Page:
Biographical Database of NAWSA Suffragists, 1890–1920
Biography of Estella Specht (Mrs. S. S.) Deem, 1857-1936
By Glenda K. Ward, Graduate Student and Senior Archives/Library Clerk, Northern Michigan University, Marquette, Michigan.
Tennessee Equal Suffrage Association Chairman of the Committee on Industrial Problems affecting Women and Children
Mrs. S. S. Deem was born Estella "Stella" Specht in Memphis, Shelby County, Tennessee on September 3, 1857. Stella was one of five children born to German-born confectioner Joseph J. Specht (1819-1901), who immigrated to the United States in 1845, and Kentucky-born Melinda "Linda" Yarbra (1836-1894).
Stella attended the Ursuline Convent, in New Orleans, Louisiana, a private Roman Catholic boarding school for girls and ladies from early childhood through high school. Convinced the education of women was essential to the development of a civilized, spiritual and just society, the Sisters of the Order of Saint Ursula, in New Orleans, founded the Ursuline Academy in 1727. It is the oldest continuously operating school for girls and the oldest Catholic school in the United States. It included the first convent, the first free school, and the first retreat center for ladies; it also offered the first classes for female African-American slaves, free women of color, and Native Americans. Stella exhibited two paintings created during her time at the Ursuline Convent in the Art Gallery of the 1874 Industrial Exposition in Memphis when she was 17 years old.
Stella married French-born confectioner Cyrille Walter (1845-1878) on August 12, 1875. Cyrille immigrated to the United States from Germany in 1870. The couple had their only child, a daughter in July 1878, Catherine Cyrille Walter (1878-1962). The family lived at the Specht home in Memphis. Employed at different times as clerk, bookkeeper and confectioner at the Specht Confectionary owned by Stella's father Joseph, Cyrille went on to become Joseph's business partner and co-owner of Specht & Walter's various enterprises. Both Stella and Cyrille fell victim to yellow fever in the summer of 1878, Cyrille succumbed to the illness in August 1878. Stella survived yellow fever and replaced Cyrille in the position of business partner and co-owner of Specht & Walter until her remarriage in 1884.
Stella married steamboat captain Mason Matthew Deem (1831-1892) on May 27, 1884 at the Specht home. The bridal party traveled to Cincinnati on the steamboat Ohio, captained by the groom. After the wedding, Stella and Catherine moved with Capt. Deem to his residence in Home City, Ohio. The couple added to the family with the birth of a son, Joseph M. Deem (1888-1940). After the Captain's death, Stella, Catherine, and Joseph returned to Memphis and moved back into the Specht family home.
Stella was a member of the Nineteenth Century Club in Memphis and in 1901 was serving as treasurer at a momentous occasion in the club's history, the purchase of a club home. The Nineteenth Century Club, founded in 1890, federated in 1891 and incorporated in 1892, soon became the largest and most influential women's club in Memphis and a leader in providing opportunities for women and developing support systems for families within the Memphis community. The club, recognized as a responsible force in civic reform, focused primarily on the needs of women and children and addressed problems in areas such as sanitation, health, education, employment, and labor conditions. The club started as a literary club whose initial objectives were "to promote the female intellect by encouraging a spirit of research in literary fields and provide an intellectual center for the women of Memphis." By the end of the decade, focus shifted toward civic reform and a program of municipal housekeeping, defined as "The advancement of women in the eternal scheme of things, means the advancement of the race." The club initiated a municipal "clean government" campaign and adopted the motto of "Influence is Responsibility."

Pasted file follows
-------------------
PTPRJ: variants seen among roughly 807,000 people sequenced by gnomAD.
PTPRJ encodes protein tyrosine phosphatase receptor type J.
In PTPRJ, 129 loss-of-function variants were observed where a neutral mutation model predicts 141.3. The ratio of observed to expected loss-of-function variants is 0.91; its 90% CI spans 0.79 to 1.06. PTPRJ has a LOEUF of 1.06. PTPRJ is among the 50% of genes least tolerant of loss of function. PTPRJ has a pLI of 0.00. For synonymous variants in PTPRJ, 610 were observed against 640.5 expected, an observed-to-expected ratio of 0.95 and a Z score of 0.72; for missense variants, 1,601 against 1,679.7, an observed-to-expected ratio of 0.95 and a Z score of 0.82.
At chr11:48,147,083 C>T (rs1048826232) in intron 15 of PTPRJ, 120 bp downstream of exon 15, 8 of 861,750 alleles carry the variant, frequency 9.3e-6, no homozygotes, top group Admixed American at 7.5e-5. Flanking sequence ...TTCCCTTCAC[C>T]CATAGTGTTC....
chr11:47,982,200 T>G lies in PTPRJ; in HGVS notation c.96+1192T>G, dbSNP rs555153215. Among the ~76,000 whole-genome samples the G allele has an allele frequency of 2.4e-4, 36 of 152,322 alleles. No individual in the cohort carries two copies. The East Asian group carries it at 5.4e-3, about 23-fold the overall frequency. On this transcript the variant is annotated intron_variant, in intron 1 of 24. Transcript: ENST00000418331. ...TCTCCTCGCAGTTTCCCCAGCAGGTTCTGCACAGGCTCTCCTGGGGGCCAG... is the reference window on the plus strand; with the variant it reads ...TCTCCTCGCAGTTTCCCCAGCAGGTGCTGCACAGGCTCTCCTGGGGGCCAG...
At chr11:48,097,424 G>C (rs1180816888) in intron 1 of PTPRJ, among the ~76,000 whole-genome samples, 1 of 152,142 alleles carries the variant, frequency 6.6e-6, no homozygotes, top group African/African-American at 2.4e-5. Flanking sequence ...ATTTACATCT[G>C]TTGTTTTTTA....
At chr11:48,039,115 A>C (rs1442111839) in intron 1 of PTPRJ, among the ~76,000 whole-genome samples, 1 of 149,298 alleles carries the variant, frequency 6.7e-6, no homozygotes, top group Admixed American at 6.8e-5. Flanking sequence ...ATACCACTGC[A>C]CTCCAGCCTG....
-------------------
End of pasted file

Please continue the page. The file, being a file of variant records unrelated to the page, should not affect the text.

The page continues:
In December 1906, during a meeting to address the reorganization of the State Equal Suffrage Association, the association elected Stella chairman of the Committee on Industrial Problems affecting Women and Children. The committee worked to identify discrimination against women in business, education, and in municipalities, including instances of unfairness against women on civil service lists. Other areas of action included the promotion of and support for the conduct of investigations into the education of children, immigration, criminology, and industrial conditions, as well as, analyzing industrial problems especially those affecting women and children. The committee hoped to influence public opinion and garner support for bringing changes to laws relating to the rights of property and in the civil and industrial laws pertaining to women and children.
Stella Specht Deem (1921)
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Find A Grave, database and images (https://www.findagrave.com : accessed 07 August 2019), memorial page for Stella Specht Deem (1856–12 Jul 1936), Find A Grave Memorial no. 9597212, citing Elmwood Cemetery, Memphis, Shelby County, Tennessee, USA; Maintained by Find A Grave (contributor 8).
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---. "Specht-Walter Wedding Announcement." Memphis Daily Appeal, 18 Aug. 1875, p. 4, https://www.newspapers.com/clip/34656487/specht_walter_wedding_announcement/.
---. "The Art Gallery." Public Ledger, 30 Oct. 1874, p. 2, https://www.newspapers.com/clip/34656417/the_art_gallery/.
---. "Walter-Deem Wedding Announcement." Memphis Daily Appeal, 28 May 1884, p. 3, https://www.newspapers.com/clip/34657181/walter_deem_wedding_announcement/.
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